Abstract: claims with real quantified laws). In order to solve this problem, one has to introduce a notion of the “price of production”, for which it holds true that producers will continue to supply the market with such goods that can be produced in unlimited quantity as long as the price they anticipate exceeds their price of production. Such a notion was introduced by Alfred Marshall in 1890 in his Principles of Economics [Marshall 1949]. As it turns out, Marshall’s determination of this price is mathematically equivalent to what Marx had developed on the foundation of the labour value theory in volume III of Das Kapital (published only in 1894 by Engels) when confronting the problem of real market prices (more precisely, the equilibrium prices toward around which real prices fluctuate – Marx’s thinking was dynamic, that of Marshall static). Ideology and political whitewashing were thus no longer the only determinants of the content and results of theory. Marshall’s general aim was still to prove that the prevailing economic system was optimal. He did so by combining arguments from mathematical curves with verbal exposition (shifting to the latter when the outcome of his mathematics threatened to make conflicts with his intended conclusion too glaring. But even Marshall was not the end point of the marginalist development. In 1933, Marshall’s most brilliant student Joan Robinson showed in her Economics of Imperfect competition (second edition [J. Robinson 1969]) that his methods and arguments when taken seriously lead to a conclusion that diverges strongly from what Marshall had believed. As she shows, an economy where each sector is dominated by a small number of agents (since decades the actual situation in the capitalist economy) will 1662 In one such case, Marshall [1949: 380 n.1] claims that “abstract reasonings [...] are apt to be misleading, not only in detail, but even in their general effect [...]. Some [...] follow their mathematics boldly, but apparently without noticing that their premises lead inevitably to the conclusion that, whatever firm first gets a good start will obtain a monopoly of the whole business of its trade in its district”. What made Marshall reject this conclusion was not that it was contradicted by empirical evidence; monopolization was indeed the unmistakeable trend since decades when Marshall wrote. The problem was that this “inevitable” conclusion following from “bold” use of Marshall’s mathematics not only contradicted his ideal picture but also eliminated the basis for many of his arguments. A brief postlude 1243 never operate optimally on global terms if each agent optimizes his behaviour according to his private interests. Beyond providing monopolists with conceptual tools that allow them to determine better than by instinct alone what their private interests ask for, Joan Robinson’s theory thus showed that the “invisible hand” is less beneficial than proclaimed by Jevons and Marshall. Though no full theory of the economic crisis that had broken out, Joan Robinson provided part of the explanation. The optimistic aspect of the moral is thus that even a mediocre contribution which gains undeserved prestige may, if only further work is done seriously and critically – that is, in agreement with the general norms for decent scientific work – become fruitful in the longer run. Done seriously and critically, scientific practice may then provide both functioning technical knowledge and such insights as can serve enlightenment purposes. (The pessimistic aspect is of course that may does not entail must.) One may like or dislike the uses to which the technical knowledge is put, but we must recognize that the production of applicable knowledge has been seen since the 17th century as one of the properties that characterizes valid science. Whoever does not welcome insights that can serve enlightenment purposes does not deserve the name of an intellectual.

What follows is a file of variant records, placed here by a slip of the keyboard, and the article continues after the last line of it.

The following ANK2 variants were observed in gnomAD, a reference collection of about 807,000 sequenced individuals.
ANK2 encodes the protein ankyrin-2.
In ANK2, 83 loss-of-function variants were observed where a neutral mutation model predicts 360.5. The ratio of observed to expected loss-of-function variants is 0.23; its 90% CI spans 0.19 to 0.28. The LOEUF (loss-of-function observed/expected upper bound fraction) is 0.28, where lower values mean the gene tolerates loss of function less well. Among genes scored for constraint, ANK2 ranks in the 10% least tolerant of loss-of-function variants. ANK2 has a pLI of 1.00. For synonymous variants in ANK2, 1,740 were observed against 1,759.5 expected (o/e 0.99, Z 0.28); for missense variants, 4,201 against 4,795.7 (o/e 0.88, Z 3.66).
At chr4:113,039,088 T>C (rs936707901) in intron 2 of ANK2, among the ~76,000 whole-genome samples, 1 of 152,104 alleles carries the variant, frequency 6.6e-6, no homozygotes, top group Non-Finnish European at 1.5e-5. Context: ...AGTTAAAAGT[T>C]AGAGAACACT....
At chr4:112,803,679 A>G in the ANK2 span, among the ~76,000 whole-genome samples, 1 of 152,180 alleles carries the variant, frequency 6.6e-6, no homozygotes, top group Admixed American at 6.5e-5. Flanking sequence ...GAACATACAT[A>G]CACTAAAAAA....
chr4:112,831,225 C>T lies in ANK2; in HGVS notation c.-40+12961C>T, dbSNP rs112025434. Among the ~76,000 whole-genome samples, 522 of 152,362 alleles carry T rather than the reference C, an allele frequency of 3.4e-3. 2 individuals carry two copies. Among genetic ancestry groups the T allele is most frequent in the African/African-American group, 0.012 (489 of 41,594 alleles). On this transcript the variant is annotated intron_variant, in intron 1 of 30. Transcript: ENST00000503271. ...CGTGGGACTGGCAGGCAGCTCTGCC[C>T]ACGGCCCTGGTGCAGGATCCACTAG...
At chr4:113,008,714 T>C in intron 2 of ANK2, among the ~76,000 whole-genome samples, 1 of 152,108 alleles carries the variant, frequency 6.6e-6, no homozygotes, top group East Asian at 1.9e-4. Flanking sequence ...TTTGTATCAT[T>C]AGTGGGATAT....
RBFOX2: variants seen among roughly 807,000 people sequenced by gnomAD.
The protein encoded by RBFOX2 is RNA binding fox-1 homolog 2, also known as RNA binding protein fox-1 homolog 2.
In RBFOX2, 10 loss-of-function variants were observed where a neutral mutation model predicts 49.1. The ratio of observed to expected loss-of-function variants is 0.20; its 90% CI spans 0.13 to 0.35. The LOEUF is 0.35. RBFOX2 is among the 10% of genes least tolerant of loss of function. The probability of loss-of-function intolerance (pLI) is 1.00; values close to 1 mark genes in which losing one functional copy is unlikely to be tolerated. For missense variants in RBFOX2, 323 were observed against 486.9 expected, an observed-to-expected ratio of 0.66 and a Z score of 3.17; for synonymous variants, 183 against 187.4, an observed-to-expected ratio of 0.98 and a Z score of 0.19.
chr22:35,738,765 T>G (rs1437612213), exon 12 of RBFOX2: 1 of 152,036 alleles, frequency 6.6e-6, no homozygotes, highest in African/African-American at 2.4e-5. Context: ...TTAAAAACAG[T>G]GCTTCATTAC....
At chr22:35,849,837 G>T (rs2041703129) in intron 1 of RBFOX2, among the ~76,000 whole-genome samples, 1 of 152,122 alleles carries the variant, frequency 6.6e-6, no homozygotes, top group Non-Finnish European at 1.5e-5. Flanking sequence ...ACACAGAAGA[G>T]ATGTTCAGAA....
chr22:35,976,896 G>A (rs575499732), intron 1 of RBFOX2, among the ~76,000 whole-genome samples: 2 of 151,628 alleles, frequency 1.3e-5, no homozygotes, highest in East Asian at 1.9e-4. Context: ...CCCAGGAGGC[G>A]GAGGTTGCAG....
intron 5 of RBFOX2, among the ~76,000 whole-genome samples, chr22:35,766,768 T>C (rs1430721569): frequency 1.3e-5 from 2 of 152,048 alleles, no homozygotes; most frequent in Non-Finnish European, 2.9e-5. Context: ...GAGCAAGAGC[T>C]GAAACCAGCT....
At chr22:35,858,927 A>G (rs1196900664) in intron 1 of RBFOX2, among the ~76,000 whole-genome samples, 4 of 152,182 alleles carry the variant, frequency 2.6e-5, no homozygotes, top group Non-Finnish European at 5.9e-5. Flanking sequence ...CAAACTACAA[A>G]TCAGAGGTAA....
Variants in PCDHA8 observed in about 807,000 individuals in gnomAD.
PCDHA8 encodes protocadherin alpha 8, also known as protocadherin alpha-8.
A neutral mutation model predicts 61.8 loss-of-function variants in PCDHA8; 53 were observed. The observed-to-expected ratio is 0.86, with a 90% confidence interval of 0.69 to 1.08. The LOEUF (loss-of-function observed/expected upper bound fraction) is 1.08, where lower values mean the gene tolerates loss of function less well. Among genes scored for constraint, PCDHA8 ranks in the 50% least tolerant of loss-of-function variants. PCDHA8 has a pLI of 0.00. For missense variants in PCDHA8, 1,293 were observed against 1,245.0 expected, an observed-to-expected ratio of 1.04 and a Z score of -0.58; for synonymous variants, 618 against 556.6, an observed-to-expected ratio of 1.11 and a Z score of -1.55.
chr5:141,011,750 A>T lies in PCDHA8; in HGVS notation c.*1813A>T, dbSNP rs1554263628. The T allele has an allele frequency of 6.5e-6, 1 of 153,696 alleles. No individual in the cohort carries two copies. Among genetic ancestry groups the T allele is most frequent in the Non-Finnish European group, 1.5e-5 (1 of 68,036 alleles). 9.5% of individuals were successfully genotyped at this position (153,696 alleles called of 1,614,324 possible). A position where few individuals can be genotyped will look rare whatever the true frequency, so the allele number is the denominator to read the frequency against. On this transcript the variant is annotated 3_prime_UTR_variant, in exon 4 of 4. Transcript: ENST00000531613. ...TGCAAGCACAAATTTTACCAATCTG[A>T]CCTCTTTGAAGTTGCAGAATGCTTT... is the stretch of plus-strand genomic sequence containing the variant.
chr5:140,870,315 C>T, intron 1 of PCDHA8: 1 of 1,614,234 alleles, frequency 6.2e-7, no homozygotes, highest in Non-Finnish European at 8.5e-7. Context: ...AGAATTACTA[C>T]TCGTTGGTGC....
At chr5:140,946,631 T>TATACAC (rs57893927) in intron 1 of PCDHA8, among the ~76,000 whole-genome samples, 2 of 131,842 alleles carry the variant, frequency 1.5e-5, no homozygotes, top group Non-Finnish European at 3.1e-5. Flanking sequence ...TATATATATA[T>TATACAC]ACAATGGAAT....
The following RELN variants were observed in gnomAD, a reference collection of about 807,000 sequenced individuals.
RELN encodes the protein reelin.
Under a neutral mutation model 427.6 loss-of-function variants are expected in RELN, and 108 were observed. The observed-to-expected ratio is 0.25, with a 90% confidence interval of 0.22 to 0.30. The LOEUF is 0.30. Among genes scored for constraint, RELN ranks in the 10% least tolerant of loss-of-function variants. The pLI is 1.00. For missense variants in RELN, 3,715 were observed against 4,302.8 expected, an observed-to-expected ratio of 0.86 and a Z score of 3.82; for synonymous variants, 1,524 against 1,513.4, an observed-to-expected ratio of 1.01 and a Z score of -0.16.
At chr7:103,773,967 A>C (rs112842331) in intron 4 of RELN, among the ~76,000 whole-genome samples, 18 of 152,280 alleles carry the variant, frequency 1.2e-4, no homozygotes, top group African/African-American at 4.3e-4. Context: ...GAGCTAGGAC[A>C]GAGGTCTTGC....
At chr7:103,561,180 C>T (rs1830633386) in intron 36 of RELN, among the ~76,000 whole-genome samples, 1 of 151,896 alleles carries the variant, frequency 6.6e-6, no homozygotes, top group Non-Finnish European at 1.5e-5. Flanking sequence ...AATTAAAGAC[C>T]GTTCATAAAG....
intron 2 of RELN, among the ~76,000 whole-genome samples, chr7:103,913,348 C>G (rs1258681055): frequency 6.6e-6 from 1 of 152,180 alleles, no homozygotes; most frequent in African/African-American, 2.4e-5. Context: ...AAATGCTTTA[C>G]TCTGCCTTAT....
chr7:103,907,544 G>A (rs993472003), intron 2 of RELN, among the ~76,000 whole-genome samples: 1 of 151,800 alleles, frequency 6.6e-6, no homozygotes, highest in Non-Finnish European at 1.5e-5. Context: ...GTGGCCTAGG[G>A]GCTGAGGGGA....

92 citations

Book
05 Oct 2017
TL;DR: In this article, a collection of essays dealing with perceptions of wisdom, femaleness, and their interconnections in a wide range of ancient sources, including papyri, Nag Hammadi documents, heresiological accounts and monastic literature is presented.
Abstract: Women and Knowledge in Early Christianity offers a collection of essays that deal with perceptions of wisdom, femaleness, and their interconnections in a wide range of ancient sources, including papyri, Nag Hammadi documents, heresiological accounts and monastic literature.

85 citations

References
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Dissertation
24 Jul 2017
TL;DR: In this article, the New Testament, early Christianity, Apostle Paul, feminist theory, queer theory, historical theory, and history of women's sexual orientation are discussed. But the focus is on women's empowerment.
Abstract: slavery; New Testament; Early Christianity; Apostle Paul; feminist theory; queer theory; historiography

38 citations

Book
01 Jan 2015
TL;DR: For example, Long as mentioned in this paper offers a wide-ranging study of Greek notions of mind and human selfhood from Homer through Plotinus through Epictetus, and anchors his discussion in questions of recurrent and universal interest What happens to us when we die? How is the mind or soul related to the body? Are we responsible for our own happiness? Can we achieve autonomy?